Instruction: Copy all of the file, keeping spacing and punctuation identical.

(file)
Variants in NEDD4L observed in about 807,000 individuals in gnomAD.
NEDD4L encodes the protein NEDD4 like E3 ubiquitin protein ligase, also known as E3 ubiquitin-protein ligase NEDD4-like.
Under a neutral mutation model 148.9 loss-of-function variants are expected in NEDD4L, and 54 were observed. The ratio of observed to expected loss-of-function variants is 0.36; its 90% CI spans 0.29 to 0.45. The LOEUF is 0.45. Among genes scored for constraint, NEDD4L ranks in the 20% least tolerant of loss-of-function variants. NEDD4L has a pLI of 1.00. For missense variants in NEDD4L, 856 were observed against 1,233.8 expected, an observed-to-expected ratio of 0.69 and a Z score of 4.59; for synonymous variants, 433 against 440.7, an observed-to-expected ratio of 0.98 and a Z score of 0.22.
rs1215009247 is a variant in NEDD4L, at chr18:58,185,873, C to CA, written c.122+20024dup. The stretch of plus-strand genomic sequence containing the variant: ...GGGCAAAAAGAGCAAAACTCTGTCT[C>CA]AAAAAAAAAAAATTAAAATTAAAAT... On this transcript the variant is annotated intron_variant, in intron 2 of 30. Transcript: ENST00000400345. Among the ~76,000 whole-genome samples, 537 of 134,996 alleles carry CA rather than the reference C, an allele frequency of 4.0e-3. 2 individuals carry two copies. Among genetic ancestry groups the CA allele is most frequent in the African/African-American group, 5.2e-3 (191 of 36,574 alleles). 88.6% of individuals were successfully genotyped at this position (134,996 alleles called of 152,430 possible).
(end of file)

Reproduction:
Variants in NEDD4L observed in about 807,000 individuals in gnomAD.
NEDD4L encodes the protein NEDD4 like E3 ubiquitin protein ligase, also known as E3 ubiquitin-protein ligase NEDD4-like.
Under a neutral mutation model 148.9 loss-of-function variants are expected in NEDD4L, and 54 were observed. The ratio of observed to expected loss-of-function variants is 0.36; its 90% CI spans 0.29 to 0.45. The LOEUF is 0.45. Among genes scored for constraint, NEDD4L ranks in the 20% least tolerant of loss-of-function variants. NEDD4L has a pLI of 1.00. For missense variants in NEDD4L, 856 were observed against 1,233.8 expected, an observed-to-expected ratio of 0.69 and a Z score of 4.59; for synonymous variants, 433 against 440.7, an observed-to-expected ratio of 0.98 and a Z score of 0.22.
rs1215009247 is a variant in NEDD4L, at chr18:58,185,873, C to CA, written c.122+20024dup. The stretch of plus-strand genomic sequence containing the variant: ...GGGCAAAAAGAGCAAAACTCTGTCT[C>CA]AAAAAAAAAAAATTAAAATTAAAAT... On this transcript the variant is annotated intron_variant, in intron 2 of 30. Transcript: ENST00000400345. Among the ~76,000 whole-genome samples, 537 of 134,996 alleles carry CA rather than the reference C, an allele frequency of 4.0e-3. 2 individuals carry two copies. Among genetic ancestry groups the CA allele is most frequent in the African/African-American group, 5.2e-3 (191 of 36,574 alleles). 88.6% of individuals were successfully genotyped at this position (134,996 alleles called of 152,430 possible).